The following recommendations are intended as guidelines for hosting a group with participants from several countries. For an in-depth look at an individual country, consult one of the many protocol books that offer country-specific information.

Key points: The meeting planner is not the only one who must know what’s appropriate. Train everyone who will be in contact with your international attendees, from hotel bellmen to your board members. These people contribute to foreign visitors’ overall experience. And, never make culture-related decisions on your own; instead, form a planning committee. The more input you have from people with diverse backgrounds and viewpoints, the less likely you are to offend your visitors.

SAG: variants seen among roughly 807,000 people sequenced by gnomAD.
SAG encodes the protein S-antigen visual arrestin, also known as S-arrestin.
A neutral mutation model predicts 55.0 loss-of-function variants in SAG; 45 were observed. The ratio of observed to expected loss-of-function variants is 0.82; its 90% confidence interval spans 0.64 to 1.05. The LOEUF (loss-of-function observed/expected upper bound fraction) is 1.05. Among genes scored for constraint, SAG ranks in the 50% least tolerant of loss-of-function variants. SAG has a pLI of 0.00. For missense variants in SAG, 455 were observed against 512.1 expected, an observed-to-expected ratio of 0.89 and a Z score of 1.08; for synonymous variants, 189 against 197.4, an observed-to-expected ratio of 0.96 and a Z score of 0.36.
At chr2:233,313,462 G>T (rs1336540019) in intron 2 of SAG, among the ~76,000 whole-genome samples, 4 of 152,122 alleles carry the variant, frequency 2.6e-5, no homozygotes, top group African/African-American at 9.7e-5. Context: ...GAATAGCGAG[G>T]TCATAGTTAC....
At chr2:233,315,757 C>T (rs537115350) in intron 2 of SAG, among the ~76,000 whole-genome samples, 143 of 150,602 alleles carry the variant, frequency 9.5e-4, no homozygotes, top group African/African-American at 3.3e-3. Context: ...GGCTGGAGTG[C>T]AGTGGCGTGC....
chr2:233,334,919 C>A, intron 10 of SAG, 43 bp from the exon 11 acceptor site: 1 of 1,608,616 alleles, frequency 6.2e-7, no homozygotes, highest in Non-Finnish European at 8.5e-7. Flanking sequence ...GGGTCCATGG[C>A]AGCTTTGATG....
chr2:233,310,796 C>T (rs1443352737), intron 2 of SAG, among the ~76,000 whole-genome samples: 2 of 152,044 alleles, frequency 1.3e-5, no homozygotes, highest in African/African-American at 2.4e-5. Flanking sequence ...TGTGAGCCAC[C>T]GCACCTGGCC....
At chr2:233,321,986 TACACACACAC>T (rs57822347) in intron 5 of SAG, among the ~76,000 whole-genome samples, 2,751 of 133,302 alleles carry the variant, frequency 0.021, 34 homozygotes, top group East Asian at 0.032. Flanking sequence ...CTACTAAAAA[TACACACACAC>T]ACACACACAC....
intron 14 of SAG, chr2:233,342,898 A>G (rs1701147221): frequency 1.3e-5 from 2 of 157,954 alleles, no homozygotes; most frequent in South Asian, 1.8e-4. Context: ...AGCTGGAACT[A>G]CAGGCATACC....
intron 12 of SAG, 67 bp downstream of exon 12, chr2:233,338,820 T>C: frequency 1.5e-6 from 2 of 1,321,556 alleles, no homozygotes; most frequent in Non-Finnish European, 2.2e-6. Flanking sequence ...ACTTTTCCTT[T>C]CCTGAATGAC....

Culture and Protocol

You don’t want your attendees to be embarrassed, confused, or uncomfortable. Yet customary American practice, even that which can be considered good manners, often can have negative results. These are the areas most likely to cause problems:

First names. One of the most frequently cited differences between American society and others is Americans’ casual use of first names. Foreign visitors know that Americans freely use first names, but they don’t understand it and often don’t like it. To avoid an immediate culture clash, stick to surnames.

Surnames. Easier said than done: The surname isn’t always obvious. In Asian countries, the surname usually precedes the given name. In Latin countries, the surname is often what looks to Americans like the middle name. To get it right on hotel and conference registration lists, on name badges, and in conversation, ask registrants to print their surname in block capitals. That way, you’ll be able to identify it, wherever it appears. Also, be sure that the registration form allows plenty of space for long names, as well as long phone and fax numbers.